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EUR/USD  started  the week with some modest gains, and the pair is steady as it trades in the high-1.28 range. Today’s only Eurozone release  is German PPI, which missed the estimate, as weak German numbers continue to raise concerns. In the US, there are no fundamental releases, but the markets will get a chance to hear Treasury Secretary Jack Lew as well as two members of the FOMC. The markets are keeping a close as on the US Federal Reserve, which on Wednesday will release the minutes of its most recent policy meeting.

Here is a quick update on the technical situation, indicators, and market sentiment that moves euro/dollar.

EUR/USD Technical

  • Asian session: Euro/dollar  pushed over the 1.29 line early in the session  before consolidating at 1.2887. The pair is unchanged in the European session.
  • Current range: 1.2880 – 1.2960.

Further levels in both directions:   EUR USD Daily Forecast May21

 

  • Below: 1.2880, 1.2805, 1.2750, 1.27, 1.2624 and 1.2587.
  • Above: 1.2960, 1.30, 1.3030, 1.31, 1.3160 and 1.32.
  • The pair is testing 1.2880 on the downside. 1.2805, a critical line, has strengthened in support.
  • 1.2960 is the next line of resistance.

Euro trading close to 1.29 line after  modest gains on Monday  – click on the graph to enlarge.

 

EUR/USD Fundamentals

  • 6:00 German PPI. Exp. -0.1%. Actual -0.2%.
  • 14:00 US  Treasury Secretary Jack Lew Speaks.
  • 15:30 US FOMC Member James Bullard Speaks.
  • 17:00 US FOMC Member  William Dudley  Speaks.

For more events and lines, see the  Euro to dollar forecast

 

EUR/USD Sentiment

  • US data disappoints: The markets were treated to  a host of  disappointing US releases last week.  Inflation and manufacturing numbers fell below expectations, and housing data  did not meet the estimate.  Unemployment Claims had looked impressive in  recent readings,  but the key indicator couldn’t keep pace  on  Thursday,  as the number of new claims jumped to 360 thousand, blowing past the estimate of 332 thousand. There was some good news from Building Permits, which  were up nicely. On Friday, there was better news as UoM Consumer Sentiment shot up from 72.3 points to 83.7 points. This was well above the estimate of 77.9 points, and points to a sharp increase in consumer confidence. However,  the host of weak numbers  we saw last week will  again bring into question the extent of the US recovery, which has not been able to demonstrate sustained growth and continuous positive releases.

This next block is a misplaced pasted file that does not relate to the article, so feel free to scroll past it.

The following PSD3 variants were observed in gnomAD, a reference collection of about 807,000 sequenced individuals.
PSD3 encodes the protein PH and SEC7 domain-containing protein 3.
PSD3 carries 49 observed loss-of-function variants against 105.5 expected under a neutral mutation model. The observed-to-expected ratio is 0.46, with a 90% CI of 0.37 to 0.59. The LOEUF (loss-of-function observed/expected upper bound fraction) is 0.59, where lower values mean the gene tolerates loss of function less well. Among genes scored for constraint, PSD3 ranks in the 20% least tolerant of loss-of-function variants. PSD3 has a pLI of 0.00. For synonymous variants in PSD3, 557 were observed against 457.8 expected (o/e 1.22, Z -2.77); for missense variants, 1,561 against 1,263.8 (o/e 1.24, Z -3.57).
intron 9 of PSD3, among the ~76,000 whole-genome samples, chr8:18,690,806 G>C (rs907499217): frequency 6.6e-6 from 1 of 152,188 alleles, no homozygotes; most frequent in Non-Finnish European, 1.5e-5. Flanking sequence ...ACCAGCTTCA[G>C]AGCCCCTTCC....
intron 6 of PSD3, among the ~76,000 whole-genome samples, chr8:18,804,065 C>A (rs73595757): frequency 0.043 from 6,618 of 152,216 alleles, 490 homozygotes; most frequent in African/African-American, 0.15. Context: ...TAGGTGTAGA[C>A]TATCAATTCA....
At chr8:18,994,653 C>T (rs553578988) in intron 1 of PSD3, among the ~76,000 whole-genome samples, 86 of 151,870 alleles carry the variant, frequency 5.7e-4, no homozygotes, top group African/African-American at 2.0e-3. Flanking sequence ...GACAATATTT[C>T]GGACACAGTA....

• Eurozone troubles continue:  Eurozone  numbers  did not have a good week, as economic releases pointed to contraction in the Eurozone  for  the third consecutive  quarter. Output fell by 0.2%. GDP numbers out of France and Italy continue to post declines, and both missed their  estimates. Germany was a big disappointment, as GDP increased by just 0.1% in Q1, short of the 0.3% gain expected. The euro lost ground as a result, and dipped below the 1.29 level for the first time since early April.
  • What’s wrong with Germany?: Germany, the largest economy in the Eurozone and the “locomotive of Europe”, churned out some unimpressive numbers last week.  ZEW Economic Sentiment, one of the most important German releases, came in well below the  estimate. German CPI and WPI posted declines, indicating weak activity in the economy. GDP posted a slight gain of 0.1%, but this was below the 0.3% forecast. This week hasn’t started any better, as the important PPI indicator declined for the third straight reading. The index fell 0.2%, a sharper drop than the forecast of -0.1%. If the Eurozone is to have any hope of getting back on solid economic footing, it will need Germany to lead the way and post some positive numbers.
  • Markets keep eye on Federal Reserve: Will the Fed taper with QE? No one has the magic answer (yet) to this critical question, but we are seeing some hints as to whether the  Fed will take action.  Last week, John Williams, president of the Federal Reserve Bank of San Francisco, stated that the Fed could begin reducing  QE this summer and end bond buying late in 2013.  The markets seem to get excited  after every  solid  US release,  with speculation rising that the Fed could take action. We should get a clearer picture on Wednesday, as the Fed releases the minutes of the previous FOMC meeting. Also on Wednesday, Fed Chair Bernard Bernanke will testify on Capitol Hill. Any talk of change to the current QE levels of $85 billion are sure to impact on the currency markets. In the meantime, most analysts are not predicting any changes to QE, given the shaky recovery in the US.